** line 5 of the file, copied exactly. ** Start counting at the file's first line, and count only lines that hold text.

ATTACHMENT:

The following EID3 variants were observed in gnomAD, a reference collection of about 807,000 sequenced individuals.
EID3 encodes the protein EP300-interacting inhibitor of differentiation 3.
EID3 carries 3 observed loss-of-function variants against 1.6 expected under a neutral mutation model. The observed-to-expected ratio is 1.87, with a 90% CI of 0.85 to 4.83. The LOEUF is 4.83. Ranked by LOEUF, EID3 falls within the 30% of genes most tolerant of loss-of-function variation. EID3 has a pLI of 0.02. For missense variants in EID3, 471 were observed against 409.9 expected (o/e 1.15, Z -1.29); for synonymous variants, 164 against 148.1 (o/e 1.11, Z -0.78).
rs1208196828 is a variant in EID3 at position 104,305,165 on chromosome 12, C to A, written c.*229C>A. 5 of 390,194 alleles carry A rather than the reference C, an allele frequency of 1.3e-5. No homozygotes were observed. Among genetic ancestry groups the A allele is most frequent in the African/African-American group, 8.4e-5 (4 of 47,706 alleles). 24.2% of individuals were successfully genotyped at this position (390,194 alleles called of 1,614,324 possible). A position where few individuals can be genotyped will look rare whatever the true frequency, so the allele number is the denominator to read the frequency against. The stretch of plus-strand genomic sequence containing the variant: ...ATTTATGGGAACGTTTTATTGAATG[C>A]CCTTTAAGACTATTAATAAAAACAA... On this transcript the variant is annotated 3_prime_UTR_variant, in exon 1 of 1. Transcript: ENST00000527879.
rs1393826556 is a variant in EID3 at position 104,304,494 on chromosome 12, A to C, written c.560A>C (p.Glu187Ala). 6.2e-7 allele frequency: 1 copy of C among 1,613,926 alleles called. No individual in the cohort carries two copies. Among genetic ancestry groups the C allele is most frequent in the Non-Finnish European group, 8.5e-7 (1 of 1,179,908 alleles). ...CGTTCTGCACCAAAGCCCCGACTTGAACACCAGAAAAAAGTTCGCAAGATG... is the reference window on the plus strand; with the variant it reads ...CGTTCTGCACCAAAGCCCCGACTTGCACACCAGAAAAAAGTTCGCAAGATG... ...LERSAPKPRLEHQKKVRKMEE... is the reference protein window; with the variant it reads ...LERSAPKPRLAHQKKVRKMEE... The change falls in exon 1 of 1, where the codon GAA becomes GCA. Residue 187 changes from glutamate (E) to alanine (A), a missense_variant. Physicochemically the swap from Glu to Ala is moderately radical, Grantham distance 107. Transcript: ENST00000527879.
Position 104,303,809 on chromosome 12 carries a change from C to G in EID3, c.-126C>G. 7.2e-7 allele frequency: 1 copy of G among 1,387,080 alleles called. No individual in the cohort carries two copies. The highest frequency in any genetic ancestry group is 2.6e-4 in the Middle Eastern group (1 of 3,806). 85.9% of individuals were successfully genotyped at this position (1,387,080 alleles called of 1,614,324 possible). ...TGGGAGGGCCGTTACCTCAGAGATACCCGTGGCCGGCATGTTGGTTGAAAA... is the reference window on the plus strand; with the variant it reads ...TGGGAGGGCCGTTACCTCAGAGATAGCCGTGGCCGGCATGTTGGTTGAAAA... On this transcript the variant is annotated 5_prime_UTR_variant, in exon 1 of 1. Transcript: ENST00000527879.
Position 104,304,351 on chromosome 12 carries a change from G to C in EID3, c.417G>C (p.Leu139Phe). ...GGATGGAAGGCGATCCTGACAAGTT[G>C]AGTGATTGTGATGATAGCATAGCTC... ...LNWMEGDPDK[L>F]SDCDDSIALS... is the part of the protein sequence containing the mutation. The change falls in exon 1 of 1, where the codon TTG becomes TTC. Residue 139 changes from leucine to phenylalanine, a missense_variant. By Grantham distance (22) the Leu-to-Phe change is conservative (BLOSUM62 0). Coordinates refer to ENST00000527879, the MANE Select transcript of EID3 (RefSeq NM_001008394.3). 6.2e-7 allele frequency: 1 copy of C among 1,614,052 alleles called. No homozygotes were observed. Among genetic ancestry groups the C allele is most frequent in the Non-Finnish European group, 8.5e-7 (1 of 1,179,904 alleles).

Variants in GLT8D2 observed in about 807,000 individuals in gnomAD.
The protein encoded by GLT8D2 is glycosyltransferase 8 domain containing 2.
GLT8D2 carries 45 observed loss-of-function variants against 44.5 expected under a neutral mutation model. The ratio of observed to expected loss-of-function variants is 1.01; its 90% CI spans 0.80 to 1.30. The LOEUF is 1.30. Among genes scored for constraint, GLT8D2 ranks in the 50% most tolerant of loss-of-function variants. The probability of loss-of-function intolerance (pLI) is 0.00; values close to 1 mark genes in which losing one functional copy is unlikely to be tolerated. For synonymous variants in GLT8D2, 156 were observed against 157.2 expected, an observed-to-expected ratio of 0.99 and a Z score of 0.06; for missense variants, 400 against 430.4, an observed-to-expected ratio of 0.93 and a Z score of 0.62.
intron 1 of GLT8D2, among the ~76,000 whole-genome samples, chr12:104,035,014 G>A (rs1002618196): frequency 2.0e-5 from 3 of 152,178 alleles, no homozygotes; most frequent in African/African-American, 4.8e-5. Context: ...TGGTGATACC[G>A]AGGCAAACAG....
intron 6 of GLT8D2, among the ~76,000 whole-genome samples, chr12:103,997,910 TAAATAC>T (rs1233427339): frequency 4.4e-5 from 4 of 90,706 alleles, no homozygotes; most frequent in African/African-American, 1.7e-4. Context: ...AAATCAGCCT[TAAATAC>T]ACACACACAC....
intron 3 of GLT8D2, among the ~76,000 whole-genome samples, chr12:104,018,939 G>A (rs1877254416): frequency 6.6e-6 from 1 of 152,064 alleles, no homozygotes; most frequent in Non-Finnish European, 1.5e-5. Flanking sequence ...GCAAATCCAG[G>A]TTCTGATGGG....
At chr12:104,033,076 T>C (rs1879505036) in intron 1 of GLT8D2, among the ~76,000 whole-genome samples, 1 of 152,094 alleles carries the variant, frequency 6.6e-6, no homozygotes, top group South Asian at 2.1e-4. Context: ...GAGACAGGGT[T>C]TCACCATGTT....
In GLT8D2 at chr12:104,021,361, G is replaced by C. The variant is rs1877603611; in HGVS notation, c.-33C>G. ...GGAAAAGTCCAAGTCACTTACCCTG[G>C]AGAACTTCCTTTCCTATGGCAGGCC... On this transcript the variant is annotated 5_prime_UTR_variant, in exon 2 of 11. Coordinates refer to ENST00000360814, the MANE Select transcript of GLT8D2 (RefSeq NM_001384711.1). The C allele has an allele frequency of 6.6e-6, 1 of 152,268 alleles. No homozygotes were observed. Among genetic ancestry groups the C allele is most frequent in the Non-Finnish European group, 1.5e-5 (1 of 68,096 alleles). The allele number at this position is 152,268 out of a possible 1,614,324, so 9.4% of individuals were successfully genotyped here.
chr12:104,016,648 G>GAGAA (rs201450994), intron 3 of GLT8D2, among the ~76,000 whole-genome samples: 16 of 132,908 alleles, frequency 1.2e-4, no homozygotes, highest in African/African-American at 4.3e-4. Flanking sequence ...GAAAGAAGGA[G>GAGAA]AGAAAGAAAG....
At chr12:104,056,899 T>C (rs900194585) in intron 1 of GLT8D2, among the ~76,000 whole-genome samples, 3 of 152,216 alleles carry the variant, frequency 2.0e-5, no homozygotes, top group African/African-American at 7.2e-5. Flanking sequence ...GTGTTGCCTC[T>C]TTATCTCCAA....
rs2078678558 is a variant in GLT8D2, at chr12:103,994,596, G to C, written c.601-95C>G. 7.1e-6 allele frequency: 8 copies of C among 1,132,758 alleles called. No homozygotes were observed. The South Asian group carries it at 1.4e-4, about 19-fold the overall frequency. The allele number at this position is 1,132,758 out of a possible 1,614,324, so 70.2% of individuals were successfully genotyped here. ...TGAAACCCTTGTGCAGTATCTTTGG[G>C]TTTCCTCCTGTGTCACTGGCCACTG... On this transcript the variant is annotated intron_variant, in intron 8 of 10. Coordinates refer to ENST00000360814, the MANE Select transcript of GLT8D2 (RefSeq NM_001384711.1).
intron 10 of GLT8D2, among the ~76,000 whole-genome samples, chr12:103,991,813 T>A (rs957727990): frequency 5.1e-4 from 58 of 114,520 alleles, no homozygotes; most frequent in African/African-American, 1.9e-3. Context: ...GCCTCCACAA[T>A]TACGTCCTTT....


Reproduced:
rs1393826556 is a variant in EID3 at position 104,304,494 on chromosome 12, A to C, written c.560A>C (p.Glu187Ala). 6.2e-7 allele frequency: 1 copy of C among 1,613,926 alleles called. No individual in the cohort carries two copies. Among genetic ancestry groups the C allele is most frequent in the Non-Finnish European group, 8.5e-7 (1 of 1,179,908 alleles). ...CGTTCTGCACCAAAGCCCCGACTTGAACACCAGAAAAAAGTTCGCAAGATG... is the reference window on the plus strand; with the variant it reads ...CGTTCTGCACCAAAGCCCCGACTTGCACACCAGAAAAAAGTTCGCAAGATG... ...LERSAPKPRLEHQKKVRKMEE... is the reference protein window; with the variant it reads ...LERSAPKPRLAHQKKVRKMEE... The change falls in exon 1 of 1, where the codon GAA becomes GCA. Residue 187 changes from glutamate (E) to alanine (A), a missense_variant. Physicochemically the swap from Glu to Ala is moderately radical, Grantham distance 107. Transcript: ENST00000527879.